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High-frequency tinnitus without hearing loss does not mean absence of deafferentation.
Hear Res. 2006 Dec; 222(1-2):108-14.HR

Abstract

A broad consensus within the neuroscience of tinnitus holds that this audiologic condition is triggered by central deafferentation, mostly due to cochlear damage. The absence of audiometrically detectable hearing loss however poses a challenge to this rather generalizing assumption. The aim of this study was therefore to scrutinize cochlear functioning in a sample of tinnitus subjects audiometrically matched to a normal hearing control group. Two tests were applied: the Threshold Equalizing Noise (TEN) test and a pitch scaling task. To perform well on both tasks relatively normal functioning of inner hair cells is a requirement. In the TEN test the tinnitus group revealed a circumscribed increment of thresholds partially overlapping with the tinnitus spectrum. Abnormal slopes were observed in the pitch scaling task which indicated that tinnitus subjects, when presented with a high-frequency stimulus, relied heavily on input derived from lower-frequency inner hair cells (off-frequency listening). In total both results argue for the presence of a deafferentation also in tinnitus subjects with audiometrically normal thresholds and therefore favour the deafferentation assumption posed by most neuroscientific theories.

Authors+Show Affiliations

Department of Psychology, University of Konstanz, Germany. weisz@lyon.inserm.frNo affiliation info availableNo affiliation info availableNo affiliation info availableNo affiliation info available

Pub Type(s)

Journal Article
Research Support, Non-U.S. Gov't

Language

eng

PubMed ID

17079102

Citation

Weisz, Nathan, et al. "High-frequency Tinnitus Without Hearing Loss Does Not Mean Absence of Deafferentation." Hearing Research, vol. 222, no. 1-2, 2006, pp. 108-14.
Weisz N, Hartmann T, Dohrmann K, et al. High-frequency tinnitus without hearing loss does not mean absence of deafferentation. Hear Res. 2006;222(1-2):108-14.
Weisz, N., Hartmann, T., Dohrmann, K., Schlee, W., & Norena, A. (2006). High-frequency tinnitus without hearing loss does not mean absence of deafferentation. Hearing Research, 222(1-2), 108-14.
Weisz N, et al. High-frequency Tinnitus Without Hearing Loss Does Not Mean Absence of Deafferentation. Hear Res. 2006;222(1-2):108-14. PubMed PMID: 17079102.
* Article titles in AMA citation format should be in sentence-case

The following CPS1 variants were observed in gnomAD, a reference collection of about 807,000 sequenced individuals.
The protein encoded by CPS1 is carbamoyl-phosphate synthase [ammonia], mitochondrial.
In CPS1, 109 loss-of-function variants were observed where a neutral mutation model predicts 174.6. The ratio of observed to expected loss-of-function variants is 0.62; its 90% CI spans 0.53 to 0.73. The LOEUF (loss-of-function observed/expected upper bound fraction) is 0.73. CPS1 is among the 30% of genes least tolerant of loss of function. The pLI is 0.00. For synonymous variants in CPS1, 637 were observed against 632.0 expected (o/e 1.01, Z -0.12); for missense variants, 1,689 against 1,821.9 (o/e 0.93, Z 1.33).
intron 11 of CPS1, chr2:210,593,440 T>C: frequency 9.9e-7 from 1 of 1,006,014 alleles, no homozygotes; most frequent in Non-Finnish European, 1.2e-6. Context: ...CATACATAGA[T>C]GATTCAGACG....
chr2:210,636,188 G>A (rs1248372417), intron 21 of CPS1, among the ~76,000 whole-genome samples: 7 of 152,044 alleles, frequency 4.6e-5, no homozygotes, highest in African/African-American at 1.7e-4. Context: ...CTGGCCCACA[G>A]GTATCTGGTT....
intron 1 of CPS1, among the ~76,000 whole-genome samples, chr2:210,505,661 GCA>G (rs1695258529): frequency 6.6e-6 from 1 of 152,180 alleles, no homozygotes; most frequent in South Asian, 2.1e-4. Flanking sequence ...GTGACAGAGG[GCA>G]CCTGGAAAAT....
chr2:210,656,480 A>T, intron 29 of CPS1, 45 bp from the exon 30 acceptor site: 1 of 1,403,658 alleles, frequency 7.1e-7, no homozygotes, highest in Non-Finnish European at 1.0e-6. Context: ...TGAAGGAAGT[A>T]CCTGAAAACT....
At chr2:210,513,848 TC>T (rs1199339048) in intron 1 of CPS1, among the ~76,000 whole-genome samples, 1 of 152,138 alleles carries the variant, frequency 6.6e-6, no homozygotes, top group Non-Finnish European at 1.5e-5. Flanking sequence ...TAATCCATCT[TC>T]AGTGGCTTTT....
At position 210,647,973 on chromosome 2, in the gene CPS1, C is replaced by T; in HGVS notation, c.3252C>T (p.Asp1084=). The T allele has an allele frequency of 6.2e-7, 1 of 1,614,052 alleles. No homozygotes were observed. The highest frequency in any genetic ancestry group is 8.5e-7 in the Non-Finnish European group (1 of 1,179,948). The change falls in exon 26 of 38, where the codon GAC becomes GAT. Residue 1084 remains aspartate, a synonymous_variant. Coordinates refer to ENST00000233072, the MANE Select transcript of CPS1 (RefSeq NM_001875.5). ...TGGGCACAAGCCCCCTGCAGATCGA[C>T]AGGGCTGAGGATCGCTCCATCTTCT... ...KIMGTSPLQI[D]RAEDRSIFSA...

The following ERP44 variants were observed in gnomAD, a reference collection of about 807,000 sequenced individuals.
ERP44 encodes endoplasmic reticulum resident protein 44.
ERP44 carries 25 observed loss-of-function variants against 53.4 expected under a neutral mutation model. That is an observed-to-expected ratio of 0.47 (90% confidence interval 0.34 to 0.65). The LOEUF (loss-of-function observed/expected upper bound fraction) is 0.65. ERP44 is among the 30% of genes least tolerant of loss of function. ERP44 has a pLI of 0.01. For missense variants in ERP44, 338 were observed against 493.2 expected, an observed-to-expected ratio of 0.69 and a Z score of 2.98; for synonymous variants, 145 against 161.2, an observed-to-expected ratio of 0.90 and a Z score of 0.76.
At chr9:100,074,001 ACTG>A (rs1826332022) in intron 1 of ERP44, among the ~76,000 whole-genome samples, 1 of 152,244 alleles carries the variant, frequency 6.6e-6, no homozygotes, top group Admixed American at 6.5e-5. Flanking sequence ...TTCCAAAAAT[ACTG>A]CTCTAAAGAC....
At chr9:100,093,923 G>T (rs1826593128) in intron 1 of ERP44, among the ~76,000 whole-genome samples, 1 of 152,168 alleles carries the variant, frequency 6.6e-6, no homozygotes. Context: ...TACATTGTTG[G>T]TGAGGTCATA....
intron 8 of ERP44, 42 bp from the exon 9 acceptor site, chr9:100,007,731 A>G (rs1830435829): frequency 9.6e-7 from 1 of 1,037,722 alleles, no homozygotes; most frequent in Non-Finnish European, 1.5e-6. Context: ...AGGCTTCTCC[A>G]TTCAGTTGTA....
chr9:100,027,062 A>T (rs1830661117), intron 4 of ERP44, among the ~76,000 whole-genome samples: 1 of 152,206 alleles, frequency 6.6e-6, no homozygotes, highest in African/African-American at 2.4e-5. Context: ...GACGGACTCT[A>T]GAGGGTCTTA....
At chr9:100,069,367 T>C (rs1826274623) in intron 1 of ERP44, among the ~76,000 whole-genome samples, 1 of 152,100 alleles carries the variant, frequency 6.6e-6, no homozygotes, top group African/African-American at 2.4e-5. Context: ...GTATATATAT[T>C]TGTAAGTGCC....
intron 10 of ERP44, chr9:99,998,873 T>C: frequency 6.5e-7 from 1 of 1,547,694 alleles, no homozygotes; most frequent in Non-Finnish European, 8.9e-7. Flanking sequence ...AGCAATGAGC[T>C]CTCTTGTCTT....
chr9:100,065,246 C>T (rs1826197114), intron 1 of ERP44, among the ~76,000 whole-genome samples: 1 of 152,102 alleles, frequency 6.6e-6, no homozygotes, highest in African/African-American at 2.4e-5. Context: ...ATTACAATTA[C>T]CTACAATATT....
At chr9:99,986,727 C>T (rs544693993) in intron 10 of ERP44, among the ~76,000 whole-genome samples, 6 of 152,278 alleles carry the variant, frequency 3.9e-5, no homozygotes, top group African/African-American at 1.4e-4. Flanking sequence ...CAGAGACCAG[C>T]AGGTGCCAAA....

TY - JOUR T1 - High-frequency tinnitus without hearing loss does not mean absence of deafferentation. AU - Weisz,Nathan, AU - Hartmann,Thomas, AU - Dohrmann,Katalin, AU - Schlee,Winfried, AU - Norena,Arnaud, Y1 - 2006/11/01/ PY - 2006/08/02/received PY - 2006/09/06/revised PY - 2006/09/11/accepted PY - 2006/11/3/pubmed PY - 2007/3/14/medline PY - 2006/11/3/entrez SP - 108 EP - 14 JF - Hearing research JO - Hear Res VL - 222 IS - 1-2 N2 - A broad consensus within the neuroscience of tinnitus holds that this audiologic condition is triggered by central deafferentation, mostly due to cochlear damage. The absence of audiometrically detectable hearing loss however poses a challenge to this rather generalizing assumption. The aim of this study was therefore to scrutinize cochlear functioning in a sample of tinnitus subjects audiometrically matched to a normal hearing control group. Two tests were applied: the Threshold Equalizing Noise (TEN) test and a pitch scaling task. To perform well on both tasks relatively normal functioning of inner hair cells is a requirement. In the TEN test the tinnitus group revealed a circumscribed increment of thresholds partially overlapping with the tinnitus spectrum. Abnormal slopes were observed in the pitch scaling task which indicated that tinnitus subjects, when presented with a high-frequency stimulus, relied heavily on input derived from lower-frequency inner hair cells (off-frequency listening). In total both results argue for the presence of a deafferentation also in tinnitus subjects with audiometrically normal thresholds and therefore favour the deafferentation assumption posed by most neuroscientific theories. SN - 0378-5955 UR - https://www.unboundmedicine.com/medline/citation/17079102/High_frequency_tinnitus_without_hearing_loss_does_not_mean_absence_of_deafferentation_ L2 - https://linkinghub.elsevier.com/retrieve/pii/S0378-5955(06)00252-8 DB - PRIME DP - Unbound Medicine ER -